49 minutes ago
Tuesday, April 20, 2010
Top, a Shellac manicure after 12 days.
MANICURES aren’t known for being everlasting. They chip. They smudge. Sometimes a nail is ruined even before you get home from the salon.
Shellac, a soak-off hybrid between a gel and polish that will make its debut on May 1 in 2,000 salons nationwide.
Soak-off gels look like polish but last much longer, in part because they are cured onto the nail with an ultraviolet lamp. The gel must be applied and removed by a professional, and the procedures cost more than the standard ones.
A manicurist paints on a base coat, two color coats and top coat, just as she would with regular nail lacquer. But after each coat, the soak-off gel is cured briefly under an ultraviolet light box, so the client leaves with impeccably dry nails. Goodbye to flip-flops in the snow postpedicure.
Removal takes longer, though, and may be tricky to do at home. Pads moist with acetone or a specially made remover are placed on the fingernail or toenail and worn for 10 to 25 minutes, depending on the brand. Shellac uses wraparound sleeves, which its manufacturer says trap heat so the gel is easily loosened. Sometimes, a manicurist has to scrape off crumbs of gel.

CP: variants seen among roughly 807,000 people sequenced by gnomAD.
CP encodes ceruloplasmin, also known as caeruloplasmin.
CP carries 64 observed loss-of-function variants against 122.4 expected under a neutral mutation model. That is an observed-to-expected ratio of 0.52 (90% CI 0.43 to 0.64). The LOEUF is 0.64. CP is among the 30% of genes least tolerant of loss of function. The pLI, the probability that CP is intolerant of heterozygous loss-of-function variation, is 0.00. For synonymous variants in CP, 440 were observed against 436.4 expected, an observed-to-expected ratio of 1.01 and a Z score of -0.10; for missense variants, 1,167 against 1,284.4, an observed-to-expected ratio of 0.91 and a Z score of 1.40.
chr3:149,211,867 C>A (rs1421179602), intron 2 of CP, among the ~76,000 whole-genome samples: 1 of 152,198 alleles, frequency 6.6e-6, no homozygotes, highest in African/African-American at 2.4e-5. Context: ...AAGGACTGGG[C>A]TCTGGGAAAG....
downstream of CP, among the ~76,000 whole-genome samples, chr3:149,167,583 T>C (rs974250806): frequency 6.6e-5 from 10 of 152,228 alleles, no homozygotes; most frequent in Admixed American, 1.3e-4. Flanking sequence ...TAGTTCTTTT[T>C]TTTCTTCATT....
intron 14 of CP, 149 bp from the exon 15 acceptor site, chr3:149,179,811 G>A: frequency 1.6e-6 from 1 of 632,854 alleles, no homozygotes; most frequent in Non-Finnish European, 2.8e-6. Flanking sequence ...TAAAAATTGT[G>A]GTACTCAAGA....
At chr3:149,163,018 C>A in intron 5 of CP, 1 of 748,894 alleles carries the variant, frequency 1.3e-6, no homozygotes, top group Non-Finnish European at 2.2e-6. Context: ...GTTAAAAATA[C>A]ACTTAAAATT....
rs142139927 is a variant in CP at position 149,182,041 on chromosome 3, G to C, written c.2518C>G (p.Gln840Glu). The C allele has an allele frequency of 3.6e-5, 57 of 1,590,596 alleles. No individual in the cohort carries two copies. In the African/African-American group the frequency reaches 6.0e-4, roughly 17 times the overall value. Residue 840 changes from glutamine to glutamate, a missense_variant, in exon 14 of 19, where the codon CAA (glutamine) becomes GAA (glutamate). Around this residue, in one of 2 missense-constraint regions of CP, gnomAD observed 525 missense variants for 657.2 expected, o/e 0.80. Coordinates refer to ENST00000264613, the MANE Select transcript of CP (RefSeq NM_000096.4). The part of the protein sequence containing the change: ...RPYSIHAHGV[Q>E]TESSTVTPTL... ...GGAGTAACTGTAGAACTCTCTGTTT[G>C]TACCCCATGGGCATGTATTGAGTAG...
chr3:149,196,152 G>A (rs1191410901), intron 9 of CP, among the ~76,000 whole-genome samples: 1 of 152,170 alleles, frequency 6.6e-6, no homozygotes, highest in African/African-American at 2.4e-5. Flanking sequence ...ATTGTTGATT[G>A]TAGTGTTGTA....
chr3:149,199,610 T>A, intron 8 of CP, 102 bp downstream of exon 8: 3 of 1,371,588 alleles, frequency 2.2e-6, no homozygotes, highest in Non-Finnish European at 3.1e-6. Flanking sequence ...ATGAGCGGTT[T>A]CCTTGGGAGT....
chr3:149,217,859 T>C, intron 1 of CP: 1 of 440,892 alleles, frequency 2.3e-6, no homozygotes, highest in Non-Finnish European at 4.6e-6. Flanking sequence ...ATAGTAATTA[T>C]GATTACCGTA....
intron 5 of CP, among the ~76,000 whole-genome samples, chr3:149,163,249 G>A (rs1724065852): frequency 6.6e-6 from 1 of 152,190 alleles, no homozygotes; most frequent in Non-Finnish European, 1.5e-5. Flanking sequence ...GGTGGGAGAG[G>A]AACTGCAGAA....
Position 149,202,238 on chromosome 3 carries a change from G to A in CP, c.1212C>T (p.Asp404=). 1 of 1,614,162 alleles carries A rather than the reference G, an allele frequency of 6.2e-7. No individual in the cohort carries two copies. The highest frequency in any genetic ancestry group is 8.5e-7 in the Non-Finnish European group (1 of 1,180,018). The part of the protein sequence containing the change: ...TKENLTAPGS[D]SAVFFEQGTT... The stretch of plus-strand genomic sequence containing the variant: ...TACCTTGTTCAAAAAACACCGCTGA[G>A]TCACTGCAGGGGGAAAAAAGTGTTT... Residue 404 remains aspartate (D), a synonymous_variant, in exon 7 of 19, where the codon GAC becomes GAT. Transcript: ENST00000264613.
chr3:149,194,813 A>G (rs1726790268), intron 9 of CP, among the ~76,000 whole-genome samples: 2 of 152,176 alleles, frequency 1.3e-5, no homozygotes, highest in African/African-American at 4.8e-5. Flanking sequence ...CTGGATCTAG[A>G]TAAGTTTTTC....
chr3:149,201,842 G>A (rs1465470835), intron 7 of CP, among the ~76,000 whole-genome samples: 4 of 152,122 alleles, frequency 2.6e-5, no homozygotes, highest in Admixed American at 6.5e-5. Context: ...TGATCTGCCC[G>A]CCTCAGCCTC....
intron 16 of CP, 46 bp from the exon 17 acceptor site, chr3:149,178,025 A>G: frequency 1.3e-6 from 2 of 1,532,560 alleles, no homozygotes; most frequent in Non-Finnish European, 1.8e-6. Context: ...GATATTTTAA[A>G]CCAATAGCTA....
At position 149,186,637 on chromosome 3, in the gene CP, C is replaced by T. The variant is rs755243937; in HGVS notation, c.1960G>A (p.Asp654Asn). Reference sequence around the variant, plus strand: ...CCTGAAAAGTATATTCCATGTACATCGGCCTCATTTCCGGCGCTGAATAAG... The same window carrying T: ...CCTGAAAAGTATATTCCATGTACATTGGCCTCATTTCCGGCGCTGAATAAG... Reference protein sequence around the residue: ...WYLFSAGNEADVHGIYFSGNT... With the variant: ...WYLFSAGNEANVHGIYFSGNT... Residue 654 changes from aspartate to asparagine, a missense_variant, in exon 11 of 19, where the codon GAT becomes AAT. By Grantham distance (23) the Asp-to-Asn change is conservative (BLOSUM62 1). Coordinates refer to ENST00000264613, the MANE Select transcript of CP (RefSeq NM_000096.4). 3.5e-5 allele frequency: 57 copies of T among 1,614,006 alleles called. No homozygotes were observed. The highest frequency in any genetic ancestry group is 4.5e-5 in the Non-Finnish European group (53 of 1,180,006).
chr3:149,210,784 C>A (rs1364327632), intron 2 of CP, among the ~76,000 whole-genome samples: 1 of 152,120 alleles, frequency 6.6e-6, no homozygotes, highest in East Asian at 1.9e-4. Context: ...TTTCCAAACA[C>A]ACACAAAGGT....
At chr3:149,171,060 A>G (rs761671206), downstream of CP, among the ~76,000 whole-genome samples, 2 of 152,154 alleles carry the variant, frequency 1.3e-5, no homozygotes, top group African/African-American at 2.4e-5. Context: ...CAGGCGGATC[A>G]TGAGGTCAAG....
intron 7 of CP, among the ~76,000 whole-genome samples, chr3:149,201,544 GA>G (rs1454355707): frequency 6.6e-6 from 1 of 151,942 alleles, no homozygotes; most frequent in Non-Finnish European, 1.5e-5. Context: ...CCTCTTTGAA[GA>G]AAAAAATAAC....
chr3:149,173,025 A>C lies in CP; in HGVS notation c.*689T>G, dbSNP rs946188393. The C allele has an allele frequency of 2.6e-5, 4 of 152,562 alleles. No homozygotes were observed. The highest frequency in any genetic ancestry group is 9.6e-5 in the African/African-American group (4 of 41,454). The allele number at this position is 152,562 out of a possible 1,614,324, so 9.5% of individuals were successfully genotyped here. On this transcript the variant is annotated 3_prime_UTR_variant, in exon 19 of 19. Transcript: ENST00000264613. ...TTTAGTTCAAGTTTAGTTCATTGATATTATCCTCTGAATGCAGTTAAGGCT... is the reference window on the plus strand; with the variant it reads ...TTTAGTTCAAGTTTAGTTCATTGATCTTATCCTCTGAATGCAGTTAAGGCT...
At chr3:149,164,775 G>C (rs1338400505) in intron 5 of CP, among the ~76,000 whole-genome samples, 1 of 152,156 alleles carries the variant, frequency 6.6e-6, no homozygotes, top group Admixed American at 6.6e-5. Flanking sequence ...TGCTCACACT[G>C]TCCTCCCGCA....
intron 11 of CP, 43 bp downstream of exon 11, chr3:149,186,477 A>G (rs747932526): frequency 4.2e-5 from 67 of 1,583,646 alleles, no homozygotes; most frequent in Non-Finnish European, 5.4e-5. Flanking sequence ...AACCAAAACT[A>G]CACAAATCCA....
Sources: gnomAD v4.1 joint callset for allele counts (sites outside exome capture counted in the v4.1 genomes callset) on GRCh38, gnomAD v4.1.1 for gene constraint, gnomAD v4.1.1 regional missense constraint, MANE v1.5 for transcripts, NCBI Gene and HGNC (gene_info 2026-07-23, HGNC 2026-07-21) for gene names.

A predecessor product, hard gels, took too long to remove and involved filing, which damaged nails. But soak-off gels, now available in about half the country’s nail salons, are considered an improvement. “This year has been a huge boom in these soak-off gels,” said Hannah Lee, the editor of Nails magazine, an industry publication. “Everyone is coming out with them.”
The downside may be the cost. A Bella Forma manicure costs $30 to $100. Shellac will retail for 50 percent more than a basic manicure. I paid $40 to have an eggplant hue applied and $30 for it to be removed and replaced by a regular manicure. Shellac’s removal entailed wearing acetone-soaked sleeves — which took 10 minutes, as advertised — and notably little sprucing up.